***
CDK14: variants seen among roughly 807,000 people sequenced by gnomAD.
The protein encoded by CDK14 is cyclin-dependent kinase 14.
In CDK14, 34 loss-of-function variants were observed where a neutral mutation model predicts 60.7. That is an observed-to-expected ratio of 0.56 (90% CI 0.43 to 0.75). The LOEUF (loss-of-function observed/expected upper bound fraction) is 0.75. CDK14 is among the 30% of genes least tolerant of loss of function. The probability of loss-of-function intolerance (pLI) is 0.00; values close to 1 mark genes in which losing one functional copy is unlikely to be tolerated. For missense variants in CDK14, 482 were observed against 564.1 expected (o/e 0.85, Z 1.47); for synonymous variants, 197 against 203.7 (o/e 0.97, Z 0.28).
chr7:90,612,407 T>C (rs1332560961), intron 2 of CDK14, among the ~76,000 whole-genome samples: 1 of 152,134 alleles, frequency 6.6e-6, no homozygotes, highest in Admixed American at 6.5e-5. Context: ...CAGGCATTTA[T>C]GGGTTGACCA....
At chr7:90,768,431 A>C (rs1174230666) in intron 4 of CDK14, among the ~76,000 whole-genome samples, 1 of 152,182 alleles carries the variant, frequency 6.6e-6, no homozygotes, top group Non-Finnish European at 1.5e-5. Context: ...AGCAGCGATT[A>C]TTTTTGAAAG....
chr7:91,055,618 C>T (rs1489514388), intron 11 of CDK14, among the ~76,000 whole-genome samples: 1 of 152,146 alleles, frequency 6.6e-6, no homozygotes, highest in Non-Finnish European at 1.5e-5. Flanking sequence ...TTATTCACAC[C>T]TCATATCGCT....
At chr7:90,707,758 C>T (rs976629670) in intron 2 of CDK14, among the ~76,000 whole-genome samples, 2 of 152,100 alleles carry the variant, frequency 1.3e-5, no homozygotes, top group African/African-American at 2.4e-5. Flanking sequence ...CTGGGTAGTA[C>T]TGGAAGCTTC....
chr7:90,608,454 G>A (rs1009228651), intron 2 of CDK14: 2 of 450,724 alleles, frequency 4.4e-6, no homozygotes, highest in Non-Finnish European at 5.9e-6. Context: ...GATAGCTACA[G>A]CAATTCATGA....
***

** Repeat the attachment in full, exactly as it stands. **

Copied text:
CDK14: variants seen among roughly 807,000 people sequenced by gnomAD.
The protein encoded by CDK14 is cyclin-dependent kinase 14.
In CDK14, 34 loss-of-function variants were observed where a neutral mutation model predicts 60.7. That is an observed-to-expected ratio of 0.56 (90% CI 0.43 to 0.75). The LOEUF (loss-of-function observed/expected upper bound fraction) is 0.75. CDK14 is among the 30% of genes least tolerant of loss of function. The probability of loss-of-function intolerance (pLI) is 0.00; values close to 1 mark genes in which losing one functional copy is unlikely to be tolerated. For missense variants in CDK14, 482 were observed against 564.1 expected (o/e 0.85, Z 1.47); for synonymous variants, 197 against 203.7 (o/e 0.97, Z 0.28).
chr7:90,612,407 T>C (rs1332560961), intron 2 of CDK14, among the ~76,000 whole-genome samples: 1 of 152,134 alleles, frequency 6.6e-6, no homozygotes, highest in Admixed American at 6.5e-5. Context: ...CAGGCATTTA[T>C]GGGTTGACCA....
At chr7:90,768,431 A>C (rs1174230666) in intron 4 of CDK14, among the ~76,000 whole-genome samples, 1 of 152,182 alleles carries the variant, frequency 6.6e-6, no homozygotes, top group Non-Finnish European at 1.5e-5. Context: ...AGCAGCGATT[A>C]TTTTTGAAAG....
chr7:91,055,618 C>T (rs1489514388), intron 11 of CDK14, among the ~76,000 whole-genome samples: 1 of 152,146 alleles, frequency 6.6e-6, no homozygotes, highest in Non-Finnish European at 1.5e-5. Flanking sequence ...TTATTCACAC[C>T]TCATATCGCT....
At chr7:90,707,758 C>T (rs976629670) in intron 2 of CDK14, among the ~76,000 whole-genome samples, 2 of 152,100 alleles carry the variant, frequency 1.3e-5, no homozygotes, top group African/African-American at 2.4e-5. Flanking sequence ...CTGGGTAGTA[C>T]TGGAAGCTTC....
chr7:90,608,454 G>A (rs1009228651), intron 2 of CDK14: 2 of 450,724 alleles, frequency 4.4e-6, no homozygotes, highest in Non-Finnish European at 5.9e-6. Context: ...GATAGCTACA[G>A]CAATTCATGA....